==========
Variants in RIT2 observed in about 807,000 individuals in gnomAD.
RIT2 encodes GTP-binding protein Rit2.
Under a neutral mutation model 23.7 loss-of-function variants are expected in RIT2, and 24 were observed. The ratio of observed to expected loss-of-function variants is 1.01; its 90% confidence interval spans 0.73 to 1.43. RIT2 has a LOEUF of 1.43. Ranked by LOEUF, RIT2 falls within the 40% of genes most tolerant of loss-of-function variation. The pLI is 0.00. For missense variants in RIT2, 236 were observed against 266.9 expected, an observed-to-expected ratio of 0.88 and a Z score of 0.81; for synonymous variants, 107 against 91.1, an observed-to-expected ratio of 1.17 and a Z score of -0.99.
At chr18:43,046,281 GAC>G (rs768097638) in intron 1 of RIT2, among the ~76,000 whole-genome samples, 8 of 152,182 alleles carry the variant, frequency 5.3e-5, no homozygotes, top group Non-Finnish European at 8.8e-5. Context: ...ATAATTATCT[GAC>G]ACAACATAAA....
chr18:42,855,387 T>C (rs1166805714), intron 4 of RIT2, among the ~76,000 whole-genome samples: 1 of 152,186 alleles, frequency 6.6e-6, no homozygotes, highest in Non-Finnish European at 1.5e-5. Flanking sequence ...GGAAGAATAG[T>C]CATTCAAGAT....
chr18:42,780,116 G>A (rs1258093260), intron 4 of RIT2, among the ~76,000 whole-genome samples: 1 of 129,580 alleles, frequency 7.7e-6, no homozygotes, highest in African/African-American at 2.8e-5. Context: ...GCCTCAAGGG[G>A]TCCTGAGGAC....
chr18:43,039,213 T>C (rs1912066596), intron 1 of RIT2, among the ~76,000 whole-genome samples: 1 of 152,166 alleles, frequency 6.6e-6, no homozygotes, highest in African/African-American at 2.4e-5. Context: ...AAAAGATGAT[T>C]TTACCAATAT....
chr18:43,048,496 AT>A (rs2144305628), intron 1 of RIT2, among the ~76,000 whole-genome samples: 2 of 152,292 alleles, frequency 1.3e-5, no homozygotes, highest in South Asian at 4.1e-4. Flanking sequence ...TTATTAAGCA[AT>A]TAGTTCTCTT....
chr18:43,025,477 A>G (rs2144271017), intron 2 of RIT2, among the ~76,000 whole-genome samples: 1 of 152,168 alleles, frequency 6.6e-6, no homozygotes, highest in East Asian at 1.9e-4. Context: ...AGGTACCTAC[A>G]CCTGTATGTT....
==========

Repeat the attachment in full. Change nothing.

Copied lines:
Variants in RIT2 observed in about 807,000 individuals in gnomAD.
RIT2 encodes GTP-binding protein Rit2.
Under a neutral mutation model 23.7 loss-of-function variants are expected in RIT2, and 24 were observed. The ratio of observed to expected loss-of-function variants is 1.01; its 90% confidence interval spans 0.73 to 1.43. RIT2 has a LOEUF of 1.43. Ranked by LOEUF, RIT2 falls within the 40% of genes most tolerant of loss-of-function variation. The pLI is 0.00. For missense variants in RIT2, 236 were observed against 266.9 expected, an observed-to-expected ratio of 0.88 and a Z score of 0.81; for synonymous variants, 107 against 91.1, an observed-to-expected ratio of 1.17 and a Z score of -0.99.
At chr18:43,046,281 GAC>G (rs768097638) in intron 1 of RIT2, among the ~76,000 whole-genome samples, 8 of 152,182 alleles carry the variant, frequency 5.3e-5, no homozygotes, top group Non-Finnish European at 8.8e-5. Context: ...ATAATTATCT[GAC>G]ACAACATAAA....
chr18:42,855,387 T>C (rs1166805714), intron 4 of RIT2, among the ~76,000 whole-genome samples: 1 of 152,186 alleles, frequency 6.6e-6, no homozygotes, highest in Non-Finnish European at 1.5e-5. Flanking sequence ...GGAAGAATAG[T>C]CATTCAAGAT....
chr18:42,780,116 G>A (rs1258093260), intron 4 of RIT2, among the ~76,000 whole-genome samples: 1 of 129,580 alleles, frequency 7.7e-6, no homozygotes, highest in African/African-American at 2.8e-5. Context: ...GCCTCAAGGG[G>A]TCCTGAGGAC....
chr18:43,039,213 T>C (rs1912066596), intron 1 of RIT2, among the ~76,000 whole-genome samples: 1 of 152,166 alleles, frequency 6.6e-6, no homozygotes, highest in African/African-American at 2.4e-5. Context: ...AAAAGATGAT[T>C]TTACCAATAT....
chr18:43,048,496 AT>A (rs2144305628), intron 1 of RIT2, among the ~76,000 whole-genome samples: 2 of 152,292 alleles, frequency 1.3e-5, no homozygotes, highest in South Asian at 4.1e-4. Flanking sequence ...TTATTAAGCA[AT>A]TAGTTCTCTT....
chr18:43,025,477 A>G (rs2144271017), intron 2 of RIT2, among the ~76,000 whole-genome samples: 1 of 152,168 alleles, frequency 6.6e-6, no homozygotes, highest in East Asian at 1.9e-4. Context: ...AGGTACCTAC[A>G]CCTGTATGTT....